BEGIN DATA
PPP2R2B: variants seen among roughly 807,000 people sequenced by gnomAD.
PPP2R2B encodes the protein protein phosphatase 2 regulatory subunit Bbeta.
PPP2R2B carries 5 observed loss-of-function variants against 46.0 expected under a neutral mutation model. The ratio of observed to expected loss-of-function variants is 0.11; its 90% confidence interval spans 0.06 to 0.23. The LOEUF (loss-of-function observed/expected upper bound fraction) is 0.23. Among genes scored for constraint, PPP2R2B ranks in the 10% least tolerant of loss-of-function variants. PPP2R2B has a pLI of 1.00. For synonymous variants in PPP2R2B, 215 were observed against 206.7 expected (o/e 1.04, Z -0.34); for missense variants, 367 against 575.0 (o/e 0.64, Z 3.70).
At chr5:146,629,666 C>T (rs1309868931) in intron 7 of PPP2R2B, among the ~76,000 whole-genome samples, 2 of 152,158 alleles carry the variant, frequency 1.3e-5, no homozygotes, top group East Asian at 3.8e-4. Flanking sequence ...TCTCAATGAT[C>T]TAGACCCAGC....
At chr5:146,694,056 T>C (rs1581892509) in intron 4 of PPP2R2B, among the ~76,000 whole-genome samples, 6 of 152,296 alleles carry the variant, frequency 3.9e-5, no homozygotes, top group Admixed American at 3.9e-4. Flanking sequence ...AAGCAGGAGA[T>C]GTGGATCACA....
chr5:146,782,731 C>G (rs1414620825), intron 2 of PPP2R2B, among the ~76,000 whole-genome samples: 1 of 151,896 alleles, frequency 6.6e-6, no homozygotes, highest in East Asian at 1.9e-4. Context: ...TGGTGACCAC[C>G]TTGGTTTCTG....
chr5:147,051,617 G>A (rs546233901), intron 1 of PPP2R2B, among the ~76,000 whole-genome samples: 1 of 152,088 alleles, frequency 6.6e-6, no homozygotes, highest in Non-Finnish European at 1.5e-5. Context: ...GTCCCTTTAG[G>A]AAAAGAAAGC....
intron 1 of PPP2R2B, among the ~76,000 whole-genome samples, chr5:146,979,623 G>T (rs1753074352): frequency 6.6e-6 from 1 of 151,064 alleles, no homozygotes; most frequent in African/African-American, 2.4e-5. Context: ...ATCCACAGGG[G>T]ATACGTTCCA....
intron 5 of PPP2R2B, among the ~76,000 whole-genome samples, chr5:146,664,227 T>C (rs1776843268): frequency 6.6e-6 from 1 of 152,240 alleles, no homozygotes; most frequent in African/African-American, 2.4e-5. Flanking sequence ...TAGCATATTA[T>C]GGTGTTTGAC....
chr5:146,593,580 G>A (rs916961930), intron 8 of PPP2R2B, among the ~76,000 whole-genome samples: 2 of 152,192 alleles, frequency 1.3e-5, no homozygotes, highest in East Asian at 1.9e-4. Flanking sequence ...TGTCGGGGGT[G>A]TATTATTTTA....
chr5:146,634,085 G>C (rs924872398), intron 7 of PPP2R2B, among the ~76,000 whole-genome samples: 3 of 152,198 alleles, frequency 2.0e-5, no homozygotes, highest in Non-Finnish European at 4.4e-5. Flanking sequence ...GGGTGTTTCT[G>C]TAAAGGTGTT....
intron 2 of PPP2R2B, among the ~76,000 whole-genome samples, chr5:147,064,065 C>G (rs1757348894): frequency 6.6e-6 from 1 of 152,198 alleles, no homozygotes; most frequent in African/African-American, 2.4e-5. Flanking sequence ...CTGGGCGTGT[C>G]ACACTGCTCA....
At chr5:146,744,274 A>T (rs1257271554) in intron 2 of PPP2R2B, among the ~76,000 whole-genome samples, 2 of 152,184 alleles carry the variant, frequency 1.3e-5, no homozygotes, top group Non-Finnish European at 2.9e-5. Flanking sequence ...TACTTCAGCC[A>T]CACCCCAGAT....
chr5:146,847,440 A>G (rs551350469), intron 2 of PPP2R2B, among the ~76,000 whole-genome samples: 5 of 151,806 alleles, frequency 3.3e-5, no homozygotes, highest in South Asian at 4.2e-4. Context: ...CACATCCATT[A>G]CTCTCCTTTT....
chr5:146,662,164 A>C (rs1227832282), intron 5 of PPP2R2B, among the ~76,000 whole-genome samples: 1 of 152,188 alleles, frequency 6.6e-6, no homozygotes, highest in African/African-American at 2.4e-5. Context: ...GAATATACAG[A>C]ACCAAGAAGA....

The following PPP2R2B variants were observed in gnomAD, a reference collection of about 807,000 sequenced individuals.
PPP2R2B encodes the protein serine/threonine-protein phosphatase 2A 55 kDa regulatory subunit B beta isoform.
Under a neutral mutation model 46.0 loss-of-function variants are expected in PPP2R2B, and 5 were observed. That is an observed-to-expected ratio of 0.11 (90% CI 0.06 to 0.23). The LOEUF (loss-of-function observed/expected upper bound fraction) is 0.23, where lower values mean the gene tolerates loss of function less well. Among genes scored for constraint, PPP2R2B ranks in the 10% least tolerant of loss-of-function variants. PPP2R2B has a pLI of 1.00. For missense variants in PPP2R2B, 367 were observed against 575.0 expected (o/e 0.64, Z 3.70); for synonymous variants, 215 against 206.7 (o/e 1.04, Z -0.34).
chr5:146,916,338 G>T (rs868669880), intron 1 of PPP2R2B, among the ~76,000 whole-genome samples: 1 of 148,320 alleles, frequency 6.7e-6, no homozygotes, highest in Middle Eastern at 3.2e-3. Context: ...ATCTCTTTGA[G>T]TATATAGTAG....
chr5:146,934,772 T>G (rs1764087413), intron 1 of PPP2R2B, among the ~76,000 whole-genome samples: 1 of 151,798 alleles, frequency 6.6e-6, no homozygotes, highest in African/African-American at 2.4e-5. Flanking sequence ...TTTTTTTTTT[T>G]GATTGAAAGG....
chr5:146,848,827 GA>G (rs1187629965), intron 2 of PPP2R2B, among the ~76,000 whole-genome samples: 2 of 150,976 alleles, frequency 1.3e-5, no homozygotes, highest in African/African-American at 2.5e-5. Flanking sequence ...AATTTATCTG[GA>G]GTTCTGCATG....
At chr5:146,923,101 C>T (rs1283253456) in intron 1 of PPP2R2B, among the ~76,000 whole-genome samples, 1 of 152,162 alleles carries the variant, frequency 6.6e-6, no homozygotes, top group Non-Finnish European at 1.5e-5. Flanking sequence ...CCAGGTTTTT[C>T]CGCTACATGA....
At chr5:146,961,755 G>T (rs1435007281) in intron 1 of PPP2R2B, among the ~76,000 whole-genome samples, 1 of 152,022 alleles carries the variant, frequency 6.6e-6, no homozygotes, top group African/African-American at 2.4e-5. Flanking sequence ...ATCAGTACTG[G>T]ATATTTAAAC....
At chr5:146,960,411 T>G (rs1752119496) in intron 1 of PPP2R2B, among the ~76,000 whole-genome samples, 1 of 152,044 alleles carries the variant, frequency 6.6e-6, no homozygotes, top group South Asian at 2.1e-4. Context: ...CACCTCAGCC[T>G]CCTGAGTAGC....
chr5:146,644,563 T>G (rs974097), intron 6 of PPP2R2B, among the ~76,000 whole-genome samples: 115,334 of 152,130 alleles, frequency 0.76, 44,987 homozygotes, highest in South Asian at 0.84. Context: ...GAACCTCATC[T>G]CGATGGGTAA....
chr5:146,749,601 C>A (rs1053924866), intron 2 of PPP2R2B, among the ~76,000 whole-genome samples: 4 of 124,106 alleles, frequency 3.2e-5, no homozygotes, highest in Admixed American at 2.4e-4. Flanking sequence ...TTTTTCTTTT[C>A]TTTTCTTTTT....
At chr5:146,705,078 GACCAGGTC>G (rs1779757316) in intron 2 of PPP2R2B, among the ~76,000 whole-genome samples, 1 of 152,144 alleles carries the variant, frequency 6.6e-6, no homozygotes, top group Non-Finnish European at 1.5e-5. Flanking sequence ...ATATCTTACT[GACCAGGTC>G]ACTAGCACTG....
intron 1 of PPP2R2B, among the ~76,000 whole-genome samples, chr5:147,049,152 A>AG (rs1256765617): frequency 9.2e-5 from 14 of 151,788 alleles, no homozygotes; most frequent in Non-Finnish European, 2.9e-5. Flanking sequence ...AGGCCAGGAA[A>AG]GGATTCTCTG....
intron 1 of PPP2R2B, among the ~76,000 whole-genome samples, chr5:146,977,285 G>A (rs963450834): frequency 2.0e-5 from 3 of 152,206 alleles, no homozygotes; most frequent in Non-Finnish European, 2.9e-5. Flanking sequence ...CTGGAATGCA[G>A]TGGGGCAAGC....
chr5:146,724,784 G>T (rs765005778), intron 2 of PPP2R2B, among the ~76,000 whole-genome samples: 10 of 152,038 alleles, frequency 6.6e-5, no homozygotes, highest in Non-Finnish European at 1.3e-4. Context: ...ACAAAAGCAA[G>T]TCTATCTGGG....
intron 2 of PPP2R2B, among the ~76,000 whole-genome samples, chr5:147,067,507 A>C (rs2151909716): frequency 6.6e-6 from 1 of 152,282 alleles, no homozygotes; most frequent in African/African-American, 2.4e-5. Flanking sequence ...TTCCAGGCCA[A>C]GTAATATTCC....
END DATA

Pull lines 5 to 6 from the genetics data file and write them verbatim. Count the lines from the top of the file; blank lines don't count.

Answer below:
At chr5:146,694,056 T>C (rs1581892509) in intron 4 of PPP2R2B, among the ~76,000 whole-genome samples, 6 of 152,296 alleles carry the variant, frequency 3.9e-5, no homozygotes, top group Admixed American at 3.9e-4. Flanking sequence ...AAGCAGGAGA[T>C]GTGGATCACA....
chr5:146,782,731 C>G (rs1414620825), intron 2 of PPP2R2B, among the ~76,000 whole-genome samples: 1 of 151,896 alleles, frequency 6.6e-6, no homozygotes, highest in East Asian at 1.9e-4. Context: ...TGGTGACCAC[C>G]TTGGTTTCTG....